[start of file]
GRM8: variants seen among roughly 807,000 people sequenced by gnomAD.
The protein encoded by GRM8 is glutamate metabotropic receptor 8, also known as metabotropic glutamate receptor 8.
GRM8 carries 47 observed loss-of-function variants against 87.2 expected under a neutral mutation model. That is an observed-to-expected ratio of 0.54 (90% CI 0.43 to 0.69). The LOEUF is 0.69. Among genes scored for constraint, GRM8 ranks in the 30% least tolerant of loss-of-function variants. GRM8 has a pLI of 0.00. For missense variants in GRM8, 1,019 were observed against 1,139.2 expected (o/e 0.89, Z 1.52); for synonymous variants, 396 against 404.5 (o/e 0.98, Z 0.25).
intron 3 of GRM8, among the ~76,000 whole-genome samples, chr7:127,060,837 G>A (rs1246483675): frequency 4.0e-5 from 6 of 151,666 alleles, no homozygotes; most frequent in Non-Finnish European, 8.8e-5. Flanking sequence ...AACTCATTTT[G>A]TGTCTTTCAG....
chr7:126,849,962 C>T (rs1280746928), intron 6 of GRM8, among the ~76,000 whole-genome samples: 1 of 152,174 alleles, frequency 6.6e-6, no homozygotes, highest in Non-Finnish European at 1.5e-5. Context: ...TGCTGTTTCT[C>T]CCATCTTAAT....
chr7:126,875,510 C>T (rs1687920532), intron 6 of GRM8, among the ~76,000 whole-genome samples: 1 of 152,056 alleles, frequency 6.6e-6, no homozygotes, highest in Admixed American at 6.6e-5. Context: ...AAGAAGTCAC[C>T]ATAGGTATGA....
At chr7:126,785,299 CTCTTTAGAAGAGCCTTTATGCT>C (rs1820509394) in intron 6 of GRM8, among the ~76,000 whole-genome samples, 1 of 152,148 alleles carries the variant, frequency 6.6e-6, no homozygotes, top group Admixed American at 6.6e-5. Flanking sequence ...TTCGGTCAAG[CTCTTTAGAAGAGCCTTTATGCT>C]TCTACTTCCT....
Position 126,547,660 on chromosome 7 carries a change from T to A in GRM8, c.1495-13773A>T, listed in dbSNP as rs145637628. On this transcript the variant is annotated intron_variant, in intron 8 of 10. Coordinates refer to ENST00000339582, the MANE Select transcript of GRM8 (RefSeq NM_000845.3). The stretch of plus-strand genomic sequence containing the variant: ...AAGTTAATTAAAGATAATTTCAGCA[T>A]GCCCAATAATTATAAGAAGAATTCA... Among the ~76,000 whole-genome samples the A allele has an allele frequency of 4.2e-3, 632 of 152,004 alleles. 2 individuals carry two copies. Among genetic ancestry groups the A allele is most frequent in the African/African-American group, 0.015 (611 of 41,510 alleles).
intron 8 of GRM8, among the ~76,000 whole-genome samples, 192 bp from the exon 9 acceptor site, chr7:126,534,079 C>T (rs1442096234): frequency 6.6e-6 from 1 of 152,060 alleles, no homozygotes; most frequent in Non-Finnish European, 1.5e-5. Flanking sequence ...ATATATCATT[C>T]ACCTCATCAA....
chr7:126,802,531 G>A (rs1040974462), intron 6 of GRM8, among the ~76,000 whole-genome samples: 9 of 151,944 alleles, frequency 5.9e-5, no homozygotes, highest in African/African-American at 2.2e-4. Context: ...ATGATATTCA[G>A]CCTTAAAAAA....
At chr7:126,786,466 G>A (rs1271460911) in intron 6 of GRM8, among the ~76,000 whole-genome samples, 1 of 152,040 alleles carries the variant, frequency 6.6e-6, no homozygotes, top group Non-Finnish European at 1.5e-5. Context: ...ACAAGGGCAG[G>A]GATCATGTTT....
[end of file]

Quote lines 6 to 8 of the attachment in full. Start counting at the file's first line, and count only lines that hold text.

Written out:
chr7:126,875,510 C>T (rs1687920532), intron 6 of GRM8, among the ~76,000 whole-genome samples: 1 of 152,056 alleles, frequency 6.6e-6, no homozygotes, highest in Admixed American at 6.6e-5. Context: ...AAGAAGTCAC[C>T]ATAGGTATGA....
At chr7:126,785,299 CTCTTTAGAAGAGCCTTTATGCT>C (rs1820509394) in intron 6 of GRM8, among the ~76,000 whole-genome samples, 1 of 152,148 alleles carries the variant, frequency 6.6e-6, no homozygotes, top group Admixed American at 6.6e-5. Flanking sequence ...TTCGGTCAAG[CTCTTTAGAAGAGCCTTTATGCT>C]TCTACTTCCT....
Position 126,547,660 on chromosome 7 carries a change from T to A in GRM8, c.1495-13773A>T, listed in dbSNP as rs145637628. On this transcript the variant is annotated intron_variant, in intron 8 of 10. Coordinates refer to ENST00000339582, the MANE Select transcript of GRM8 (RefSeq NM_000845.3). The stretch of plus-strand genomic sequence containing the variant: ...AAGTTAATTAAAGATAATTTCAGCA[T>A]GCCCAATAATTATAAGAAGAATTCA... Among the ~76,000 whole-genome samples the A allele has an allele frequency of 4.2e-3, 632 of 152,004 alleles. 2 individuals carry two copies. Among genetic ancestry groups the A allele is most frequent in the African/African-American group, 0.015 (611 of 41,510 alleles).